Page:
You must always work on your self-control. But fighting your nature can be a frustrating experience. Esau and King David show that no matter what your nature, you choose the type of life you’ll lead.

Question – If people are born good, as is commonly believed today, why should you be concerned about using Spiritual Jujitsu?

You can leave a comment on this question or ask another question below

 

Every year beginning on Simchas Torah, the cycle of reading the Torah, the first five books of the Bible, ends and begins again. Each Sabbath a portion known as a sedra or parsha is read. It is named after the first significant word or two with which this weekly reading begins.

What verse in the Old Testament would you like to know more about? Ask a question and I will answer it in a future Parsha Nugget!

How to Respond to People with Offensive Values

2-½ minutes to read

Parsha [Passage of Scripture] Nugget [Precious Idea] Chayei Sarah – Genesis 23:1-25:18

Freedom means encountering people and values that make you uncomfortable. As a new chaplain, I was told not to use Hebrew when giving a public prayer. I thought the person giving me this instruction was hypersensitive or bigoted. Latin didn’t bother me. Why should Hebrew bother others? I could have protested. But to what end? It would have offended people. And I would have lost any chance to impact their lives. Parshas Chayei Sarah gives a tried and true method for handling this situation:

“…also for your camels I will draw until they finish drinking.” (Beresheis/Genesis 24:19)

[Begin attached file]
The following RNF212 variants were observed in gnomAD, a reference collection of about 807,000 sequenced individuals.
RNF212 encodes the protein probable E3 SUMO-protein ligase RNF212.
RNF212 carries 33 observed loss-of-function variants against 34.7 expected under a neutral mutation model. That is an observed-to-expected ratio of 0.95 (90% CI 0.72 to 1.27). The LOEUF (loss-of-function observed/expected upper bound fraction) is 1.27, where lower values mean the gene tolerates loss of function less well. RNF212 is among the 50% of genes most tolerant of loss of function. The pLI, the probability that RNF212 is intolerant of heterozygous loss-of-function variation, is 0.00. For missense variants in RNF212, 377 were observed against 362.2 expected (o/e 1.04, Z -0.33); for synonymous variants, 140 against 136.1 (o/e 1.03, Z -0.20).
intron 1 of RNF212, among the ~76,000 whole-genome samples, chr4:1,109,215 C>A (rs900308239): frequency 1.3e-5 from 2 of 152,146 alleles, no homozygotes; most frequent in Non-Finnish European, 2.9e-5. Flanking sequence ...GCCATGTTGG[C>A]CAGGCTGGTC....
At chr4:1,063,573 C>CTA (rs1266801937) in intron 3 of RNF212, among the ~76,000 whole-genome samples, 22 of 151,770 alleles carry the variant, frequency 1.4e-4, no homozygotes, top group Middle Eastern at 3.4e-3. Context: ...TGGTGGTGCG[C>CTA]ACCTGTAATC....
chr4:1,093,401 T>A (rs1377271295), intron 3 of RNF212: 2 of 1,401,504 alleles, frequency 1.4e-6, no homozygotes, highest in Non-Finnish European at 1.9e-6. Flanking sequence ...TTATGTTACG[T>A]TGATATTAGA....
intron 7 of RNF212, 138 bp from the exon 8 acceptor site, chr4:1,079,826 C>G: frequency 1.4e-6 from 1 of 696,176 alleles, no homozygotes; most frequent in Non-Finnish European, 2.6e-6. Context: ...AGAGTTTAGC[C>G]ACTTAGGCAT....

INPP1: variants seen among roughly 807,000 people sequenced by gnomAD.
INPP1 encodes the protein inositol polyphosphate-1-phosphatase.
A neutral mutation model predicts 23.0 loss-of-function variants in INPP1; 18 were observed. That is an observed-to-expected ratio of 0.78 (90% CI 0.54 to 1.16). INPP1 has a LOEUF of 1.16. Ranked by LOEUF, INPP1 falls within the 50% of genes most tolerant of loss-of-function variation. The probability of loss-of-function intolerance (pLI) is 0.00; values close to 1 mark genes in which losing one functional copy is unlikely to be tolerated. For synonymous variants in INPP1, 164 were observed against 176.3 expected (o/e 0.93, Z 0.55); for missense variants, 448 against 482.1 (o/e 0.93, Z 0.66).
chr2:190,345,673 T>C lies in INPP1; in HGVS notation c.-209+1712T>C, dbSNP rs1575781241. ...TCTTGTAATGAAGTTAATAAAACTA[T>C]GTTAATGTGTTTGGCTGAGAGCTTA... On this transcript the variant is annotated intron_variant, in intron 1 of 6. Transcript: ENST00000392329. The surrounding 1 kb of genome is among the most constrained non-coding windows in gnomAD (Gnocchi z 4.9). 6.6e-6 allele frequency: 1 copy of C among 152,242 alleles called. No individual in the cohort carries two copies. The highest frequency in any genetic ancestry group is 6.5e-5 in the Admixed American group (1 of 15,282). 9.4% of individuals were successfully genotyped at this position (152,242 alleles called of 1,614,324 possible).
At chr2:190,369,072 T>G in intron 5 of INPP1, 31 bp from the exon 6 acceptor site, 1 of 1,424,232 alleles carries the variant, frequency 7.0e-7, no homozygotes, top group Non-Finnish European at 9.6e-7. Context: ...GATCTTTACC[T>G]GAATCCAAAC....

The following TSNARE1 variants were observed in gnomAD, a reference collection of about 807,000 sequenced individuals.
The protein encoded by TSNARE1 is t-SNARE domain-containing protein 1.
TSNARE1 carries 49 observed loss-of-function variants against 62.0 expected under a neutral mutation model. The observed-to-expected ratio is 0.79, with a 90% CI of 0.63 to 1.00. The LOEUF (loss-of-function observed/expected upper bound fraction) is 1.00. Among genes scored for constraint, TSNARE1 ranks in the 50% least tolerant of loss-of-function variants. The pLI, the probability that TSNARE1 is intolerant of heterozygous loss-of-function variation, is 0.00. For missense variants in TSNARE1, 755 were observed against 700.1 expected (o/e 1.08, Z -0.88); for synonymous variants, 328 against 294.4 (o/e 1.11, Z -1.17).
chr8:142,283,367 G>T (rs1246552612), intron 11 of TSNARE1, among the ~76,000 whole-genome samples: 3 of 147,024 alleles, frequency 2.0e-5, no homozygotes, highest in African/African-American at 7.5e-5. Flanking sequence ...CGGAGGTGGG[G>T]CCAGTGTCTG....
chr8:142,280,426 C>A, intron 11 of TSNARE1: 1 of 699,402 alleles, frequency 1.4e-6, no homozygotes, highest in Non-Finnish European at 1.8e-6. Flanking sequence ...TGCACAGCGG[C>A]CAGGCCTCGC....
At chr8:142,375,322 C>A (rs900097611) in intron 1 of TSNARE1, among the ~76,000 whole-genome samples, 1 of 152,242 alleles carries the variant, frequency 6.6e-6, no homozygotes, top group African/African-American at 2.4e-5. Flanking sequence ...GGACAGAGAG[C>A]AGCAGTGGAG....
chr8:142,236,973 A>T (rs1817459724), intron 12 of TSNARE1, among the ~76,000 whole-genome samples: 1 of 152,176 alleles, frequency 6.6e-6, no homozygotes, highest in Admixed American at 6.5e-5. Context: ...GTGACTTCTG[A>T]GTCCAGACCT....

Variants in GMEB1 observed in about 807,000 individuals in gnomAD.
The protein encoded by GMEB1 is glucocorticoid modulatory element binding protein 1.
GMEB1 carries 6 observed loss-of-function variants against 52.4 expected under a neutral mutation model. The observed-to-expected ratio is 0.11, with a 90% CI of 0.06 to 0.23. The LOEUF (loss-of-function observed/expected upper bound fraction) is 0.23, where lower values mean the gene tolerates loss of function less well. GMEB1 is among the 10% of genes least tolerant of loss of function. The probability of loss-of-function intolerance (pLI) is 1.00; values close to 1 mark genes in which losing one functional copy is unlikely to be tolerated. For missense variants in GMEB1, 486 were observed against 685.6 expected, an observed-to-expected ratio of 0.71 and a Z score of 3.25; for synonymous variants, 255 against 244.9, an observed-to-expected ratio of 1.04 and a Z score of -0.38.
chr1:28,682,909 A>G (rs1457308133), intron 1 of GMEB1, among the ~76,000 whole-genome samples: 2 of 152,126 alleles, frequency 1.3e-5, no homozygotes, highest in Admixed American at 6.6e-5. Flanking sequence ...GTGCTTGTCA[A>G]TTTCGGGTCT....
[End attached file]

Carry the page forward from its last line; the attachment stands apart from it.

How to Respond to People with Offensive Values

This Sabbath’s parsha begins with Sarah dying. Abraham purchased a burial site, interred her, and devotedly mourned. Next, he ordered Eliezer, his servant, to find a wife for Isaac. Abraham remarried. The narrative concludes with his death and the death of Ishmael.

Avoid Offending People

Consider what Abraham knew about his neighbors. G-d brought the flood because most people robbed or committed sexual immorality. He lived during the time of the Dispersion when people challenged G-d’s authority with the Tower of Babel. After she gave birth, Hagar mocked his beloved Sarah’s barrenness. Efron the Hittite grossly overcharged him for a burial site even as he grieved over his wife’s death.  He probably knew that Cain murdered Abel.

Not a pretty picture.

Abraham rejected his neighbors’ values. But he did not run around protesting them. Nor did he engage in heated words or provoke them. He wore mourning garments. But only because his wife died not to show he abhorred other people's values. He continued to live his life.

Abraham knew he could not change anyone’s behavior or beliefs through confrontation or insults.

Nothing has changed in the last four millennia. You will not change anyone’s mind by offending him. You’ll only harden his position.

Secure the Next Generation’s Values